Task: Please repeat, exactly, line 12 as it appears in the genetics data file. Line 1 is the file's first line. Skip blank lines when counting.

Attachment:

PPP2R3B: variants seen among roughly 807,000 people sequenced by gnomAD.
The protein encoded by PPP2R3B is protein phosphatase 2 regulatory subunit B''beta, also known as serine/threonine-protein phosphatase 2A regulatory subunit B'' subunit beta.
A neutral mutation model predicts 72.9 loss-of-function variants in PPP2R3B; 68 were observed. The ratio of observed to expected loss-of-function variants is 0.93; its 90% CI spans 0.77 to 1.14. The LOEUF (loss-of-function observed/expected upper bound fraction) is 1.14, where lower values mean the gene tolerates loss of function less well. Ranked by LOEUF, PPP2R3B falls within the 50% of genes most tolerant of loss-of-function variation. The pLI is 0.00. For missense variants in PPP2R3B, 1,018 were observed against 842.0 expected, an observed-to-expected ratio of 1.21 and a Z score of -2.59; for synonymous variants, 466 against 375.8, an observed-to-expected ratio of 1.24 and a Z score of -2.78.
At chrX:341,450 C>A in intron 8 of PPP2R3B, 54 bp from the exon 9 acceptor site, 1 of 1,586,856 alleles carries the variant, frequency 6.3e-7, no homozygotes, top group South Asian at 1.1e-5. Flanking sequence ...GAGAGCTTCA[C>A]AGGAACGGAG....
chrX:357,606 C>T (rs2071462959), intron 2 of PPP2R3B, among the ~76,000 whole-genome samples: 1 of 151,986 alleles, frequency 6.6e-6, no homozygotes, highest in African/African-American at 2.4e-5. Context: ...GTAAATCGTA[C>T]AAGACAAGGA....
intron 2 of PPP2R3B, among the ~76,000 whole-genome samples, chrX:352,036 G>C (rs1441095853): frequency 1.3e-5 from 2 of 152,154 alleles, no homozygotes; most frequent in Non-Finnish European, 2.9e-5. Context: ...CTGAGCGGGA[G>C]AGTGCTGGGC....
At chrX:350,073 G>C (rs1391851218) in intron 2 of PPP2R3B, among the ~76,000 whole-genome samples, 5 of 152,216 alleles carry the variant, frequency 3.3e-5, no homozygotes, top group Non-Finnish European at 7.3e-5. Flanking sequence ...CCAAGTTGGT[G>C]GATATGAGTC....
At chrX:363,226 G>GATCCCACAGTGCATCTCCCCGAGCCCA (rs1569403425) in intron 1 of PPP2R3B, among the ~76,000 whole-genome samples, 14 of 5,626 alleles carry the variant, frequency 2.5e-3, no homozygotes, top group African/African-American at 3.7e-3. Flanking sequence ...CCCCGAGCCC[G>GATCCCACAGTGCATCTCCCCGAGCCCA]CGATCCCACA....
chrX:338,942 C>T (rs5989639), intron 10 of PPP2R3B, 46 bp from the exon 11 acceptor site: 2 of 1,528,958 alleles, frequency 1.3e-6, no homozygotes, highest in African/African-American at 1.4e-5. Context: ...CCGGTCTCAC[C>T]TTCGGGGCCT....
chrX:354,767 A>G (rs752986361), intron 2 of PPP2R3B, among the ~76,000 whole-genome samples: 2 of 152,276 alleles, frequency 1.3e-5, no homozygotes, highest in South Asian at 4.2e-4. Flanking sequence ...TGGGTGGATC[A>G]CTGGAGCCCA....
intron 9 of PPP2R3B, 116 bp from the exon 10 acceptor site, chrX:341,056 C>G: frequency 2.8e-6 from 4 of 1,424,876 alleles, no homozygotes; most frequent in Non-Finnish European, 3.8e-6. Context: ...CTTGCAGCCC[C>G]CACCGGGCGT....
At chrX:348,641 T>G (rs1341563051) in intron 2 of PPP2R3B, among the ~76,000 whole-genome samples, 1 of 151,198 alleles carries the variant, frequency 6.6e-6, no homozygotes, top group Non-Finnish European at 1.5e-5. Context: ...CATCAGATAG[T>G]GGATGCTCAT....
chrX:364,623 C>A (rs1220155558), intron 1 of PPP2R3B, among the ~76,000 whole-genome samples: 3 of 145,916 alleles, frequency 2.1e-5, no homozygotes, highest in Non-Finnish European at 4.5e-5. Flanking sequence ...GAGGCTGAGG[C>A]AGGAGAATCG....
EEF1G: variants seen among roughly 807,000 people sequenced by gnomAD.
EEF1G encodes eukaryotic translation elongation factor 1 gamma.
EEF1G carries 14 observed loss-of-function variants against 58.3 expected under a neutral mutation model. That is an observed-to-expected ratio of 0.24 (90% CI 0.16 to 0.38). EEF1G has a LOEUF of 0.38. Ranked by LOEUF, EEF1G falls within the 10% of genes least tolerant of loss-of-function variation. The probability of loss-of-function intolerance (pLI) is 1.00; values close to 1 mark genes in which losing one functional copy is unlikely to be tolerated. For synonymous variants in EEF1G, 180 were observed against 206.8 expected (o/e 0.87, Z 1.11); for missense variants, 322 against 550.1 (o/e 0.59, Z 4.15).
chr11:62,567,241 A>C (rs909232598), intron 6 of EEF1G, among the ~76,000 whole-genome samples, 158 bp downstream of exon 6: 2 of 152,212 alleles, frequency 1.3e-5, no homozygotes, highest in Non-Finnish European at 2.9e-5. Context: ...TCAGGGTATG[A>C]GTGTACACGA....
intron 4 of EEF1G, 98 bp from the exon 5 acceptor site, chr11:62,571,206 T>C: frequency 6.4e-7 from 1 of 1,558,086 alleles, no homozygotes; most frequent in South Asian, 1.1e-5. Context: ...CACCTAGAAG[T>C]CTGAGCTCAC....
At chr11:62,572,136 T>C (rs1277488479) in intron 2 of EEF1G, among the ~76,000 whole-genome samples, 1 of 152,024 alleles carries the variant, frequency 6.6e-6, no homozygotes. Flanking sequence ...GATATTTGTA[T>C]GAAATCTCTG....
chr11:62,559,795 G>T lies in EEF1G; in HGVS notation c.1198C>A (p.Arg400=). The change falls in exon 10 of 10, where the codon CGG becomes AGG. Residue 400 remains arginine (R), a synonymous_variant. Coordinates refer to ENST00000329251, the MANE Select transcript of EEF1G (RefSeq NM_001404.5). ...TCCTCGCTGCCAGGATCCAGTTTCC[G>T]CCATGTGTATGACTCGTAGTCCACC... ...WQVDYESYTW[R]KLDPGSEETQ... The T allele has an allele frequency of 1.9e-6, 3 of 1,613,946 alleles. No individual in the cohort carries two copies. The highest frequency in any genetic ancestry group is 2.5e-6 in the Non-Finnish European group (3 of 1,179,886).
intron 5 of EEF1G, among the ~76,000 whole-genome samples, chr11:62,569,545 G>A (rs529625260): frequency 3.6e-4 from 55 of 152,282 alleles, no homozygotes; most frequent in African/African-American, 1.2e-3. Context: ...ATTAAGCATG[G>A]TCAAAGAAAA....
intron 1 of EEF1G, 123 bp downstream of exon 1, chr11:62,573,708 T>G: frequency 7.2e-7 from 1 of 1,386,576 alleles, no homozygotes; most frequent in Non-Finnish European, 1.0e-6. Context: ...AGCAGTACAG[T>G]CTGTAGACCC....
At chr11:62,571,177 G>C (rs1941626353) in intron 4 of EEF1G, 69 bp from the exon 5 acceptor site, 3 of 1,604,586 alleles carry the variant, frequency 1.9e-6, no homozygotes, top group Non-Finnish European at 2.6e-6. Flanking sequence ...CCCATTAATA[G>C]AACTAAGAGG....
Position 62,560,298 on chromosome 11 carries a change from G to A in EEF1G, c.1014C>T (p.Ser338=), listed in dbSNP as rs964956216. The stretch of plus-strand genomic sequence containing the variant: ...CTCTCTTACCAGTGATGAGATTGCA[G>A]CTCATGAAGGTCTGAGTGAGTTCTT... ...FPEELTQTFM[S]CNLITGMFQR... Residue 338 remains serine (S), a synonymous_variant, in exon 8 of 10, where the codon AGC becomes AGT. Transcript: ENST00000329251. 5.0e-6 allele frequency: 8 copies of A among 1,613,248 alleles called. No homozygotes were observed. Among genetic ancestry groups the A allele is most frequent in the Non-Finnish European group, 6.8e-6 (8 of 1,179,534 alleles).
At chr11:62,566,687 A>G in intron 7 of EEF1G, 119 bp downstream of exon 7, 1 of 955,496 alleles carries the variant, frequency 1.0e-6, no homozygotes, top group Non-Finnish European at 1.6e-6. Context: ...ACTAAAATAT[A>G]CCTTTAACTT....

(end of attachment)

At chrX:348,641 T>G (rs1341563051) in intron 2 of PPP2R3B, among the ~76,000 whole-genome samples, 1 of 151,198 alleles carries the variant, frequency 6.6e-6, no homozygotes, top group Non-Finnish European at 1.5e-5. Context: ...CATCAGATAG[T>G]GGATGCTCAT....